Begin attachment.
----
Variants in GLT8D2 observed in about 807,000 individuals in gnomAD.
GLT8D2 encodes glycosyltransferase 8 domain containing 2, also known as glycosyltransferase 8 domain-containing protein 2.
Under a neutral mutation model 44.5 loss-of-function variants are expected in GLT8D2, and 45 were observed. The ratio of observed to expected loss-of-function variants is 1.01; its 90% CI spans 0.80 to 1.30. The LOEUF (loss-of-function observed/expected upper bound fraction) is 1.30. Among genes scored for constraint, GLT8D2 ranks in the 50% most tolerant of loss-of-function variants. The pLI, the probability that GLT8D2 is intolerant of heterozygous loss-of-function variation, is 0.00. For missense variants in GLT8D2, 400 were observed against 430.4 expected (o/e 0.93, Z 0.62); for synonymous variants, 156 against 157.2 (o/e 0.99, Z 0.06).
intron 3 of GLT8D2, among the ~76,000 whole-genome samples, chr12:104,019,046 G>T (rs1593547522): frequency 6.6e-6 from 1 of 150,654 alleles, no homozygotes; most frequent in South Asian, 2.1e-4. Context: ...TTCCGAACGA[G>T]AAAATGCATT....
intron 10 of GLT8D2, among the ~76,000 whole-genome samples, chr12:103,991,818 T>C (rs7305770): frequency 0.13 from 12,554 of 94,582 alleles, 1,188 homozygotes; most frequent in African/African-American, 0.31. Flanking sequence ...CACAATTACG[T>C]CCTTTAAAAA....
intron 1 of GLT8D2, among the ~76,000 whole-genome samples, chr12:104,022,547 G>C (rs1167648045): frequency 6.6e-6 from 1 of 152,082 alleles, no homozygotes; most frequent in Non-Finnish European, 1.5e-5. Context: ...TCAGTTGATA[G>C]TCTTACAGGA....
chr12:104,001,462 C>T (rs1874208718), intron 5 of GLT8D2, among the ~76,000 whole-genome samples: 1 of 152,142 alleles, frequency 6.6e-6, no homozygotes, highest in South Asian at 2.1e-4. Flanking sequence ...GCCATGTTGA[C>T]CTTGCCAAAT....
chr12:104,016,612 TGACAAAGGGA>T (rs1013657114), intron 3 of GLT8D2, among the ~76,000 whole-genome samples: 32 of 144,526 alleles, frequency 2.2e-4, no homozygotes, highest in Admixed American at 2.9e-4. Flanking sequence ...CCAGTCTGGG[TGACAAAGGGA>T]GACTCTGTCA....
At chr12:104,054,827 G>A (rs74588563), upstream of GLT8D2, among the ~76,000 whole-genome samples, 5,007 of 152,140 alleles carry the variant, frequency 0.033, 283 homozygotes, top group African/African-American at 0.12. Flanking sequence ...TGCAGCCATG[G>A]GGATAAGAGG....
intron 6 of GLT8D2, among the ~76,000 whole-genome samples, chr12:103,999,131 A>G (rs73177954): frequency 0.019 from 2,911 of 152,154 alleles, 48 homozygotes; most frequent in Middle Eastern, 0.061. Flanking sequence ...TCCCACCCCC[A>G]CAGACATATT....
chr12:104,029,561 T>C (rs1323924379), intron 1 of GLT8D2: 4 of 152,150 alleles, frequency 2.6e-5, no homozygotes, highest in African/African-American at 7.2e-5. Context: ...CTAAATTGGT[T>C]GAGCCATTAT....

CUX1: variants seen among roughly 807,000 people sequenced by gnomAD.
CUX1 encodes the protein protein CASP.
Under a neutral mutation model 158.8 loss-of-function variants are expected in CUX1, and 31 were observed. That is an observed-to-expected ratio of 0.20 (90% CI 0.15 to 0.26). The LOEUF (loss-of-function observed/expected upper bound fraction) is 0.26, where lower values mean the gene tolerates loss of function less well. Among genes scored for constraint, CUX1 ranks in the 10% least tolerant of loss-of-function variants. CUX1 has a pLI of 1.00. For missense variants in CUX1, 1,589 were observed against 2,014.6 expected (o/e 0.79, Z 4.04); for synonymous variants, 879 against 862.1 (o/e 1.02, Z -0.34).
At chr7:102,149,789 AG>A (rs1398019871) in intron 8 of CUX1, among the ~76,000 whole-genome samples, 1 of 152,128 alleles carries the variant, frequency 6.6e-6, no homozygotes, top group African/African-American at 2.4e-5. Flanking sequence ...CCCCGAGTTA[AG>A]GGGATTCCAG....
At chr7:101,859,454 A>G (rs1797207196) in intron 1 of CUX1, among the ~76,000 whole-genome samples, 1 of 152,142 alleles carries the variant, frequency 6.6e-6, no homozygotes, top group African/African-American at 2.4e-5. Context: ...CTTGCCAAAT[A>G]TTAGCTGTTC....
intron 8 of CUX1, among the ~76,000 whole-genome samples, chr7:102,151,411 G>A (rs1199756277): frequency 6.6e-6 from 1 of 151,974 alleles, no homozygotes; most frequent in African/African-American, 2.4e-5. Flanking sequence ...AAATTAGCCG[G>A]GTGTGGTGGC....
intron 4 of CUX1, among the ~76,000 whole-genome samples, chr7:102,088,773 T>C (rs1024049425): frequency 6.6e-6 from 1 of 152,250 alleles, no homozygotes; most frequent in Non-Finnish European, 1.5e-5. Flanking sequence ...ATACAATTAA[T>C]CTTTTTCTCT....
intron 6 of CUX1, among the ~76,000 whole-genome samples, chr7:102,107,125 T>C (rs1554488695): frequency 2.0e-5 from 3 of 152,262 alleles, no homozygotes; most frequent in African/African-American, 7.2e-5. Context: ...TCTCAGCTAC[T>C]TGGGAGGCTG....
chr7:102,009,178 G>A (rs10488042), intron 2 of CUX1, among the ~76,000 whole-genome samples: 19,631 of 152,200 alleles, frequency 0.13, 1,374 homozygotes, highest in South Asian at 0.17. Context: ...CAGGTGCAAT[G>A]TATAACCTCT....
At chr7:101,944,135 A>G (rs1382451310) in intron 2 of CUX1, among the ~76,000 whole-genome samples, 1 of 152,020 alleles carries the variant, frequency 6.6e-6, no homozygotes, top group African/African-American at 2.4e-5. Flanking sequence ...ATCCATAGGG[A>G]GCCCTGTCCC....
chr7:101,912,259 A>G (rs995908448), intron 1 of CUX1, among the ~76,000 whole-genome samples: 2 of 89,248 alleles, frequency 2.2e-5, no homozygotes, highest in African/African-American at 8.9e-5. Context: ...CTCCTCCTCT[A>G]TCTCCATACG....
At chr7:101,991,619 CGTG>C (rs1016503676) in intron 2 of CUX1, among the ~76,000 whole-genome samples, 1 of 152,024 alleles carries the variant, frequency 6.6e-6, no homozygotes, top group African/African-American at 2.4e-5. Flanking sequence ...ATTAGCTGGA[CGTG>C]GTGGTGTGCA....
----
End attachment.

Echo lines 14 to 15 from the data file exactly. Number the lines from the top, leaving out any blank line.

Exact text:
Under a neutral mutation model 158.8 loss-of-function variants are expected in CUX1, and 31 were observed. That is an observed-to-expected ratio of 0.20 (90% CI 0.15 to 0.26). The LOEUF (loss-of-function observed/expected upper bound fraction) is 0.26, where lower values mean the gene tolerates loss of function less well. Among genes scored for constraint, CUX1 ranks in the 10% least tolerant of loss-of-function variants. CUX1 has a pLI of 1.00. For missense variants in CUX1, 1,589 were observed against 2,014.6 expected (o/e 0.79, Z 4.04); for synonymous variants, 879 against 862.1 (o/e 1.02, Z -0.34).
At chr7:102,149,789 AG>A (rs1398019871) in intron 8 of CUX1, among the ~76,000 whole-genome samples, 1 of 152,128 alleles carries the variant, frequency 6.6e-6, no homozygotes, top group African/African-American at 2.4e-5. Flanking sequence ...CCCCGAGTTA[AG>A]GGGATTCCAG....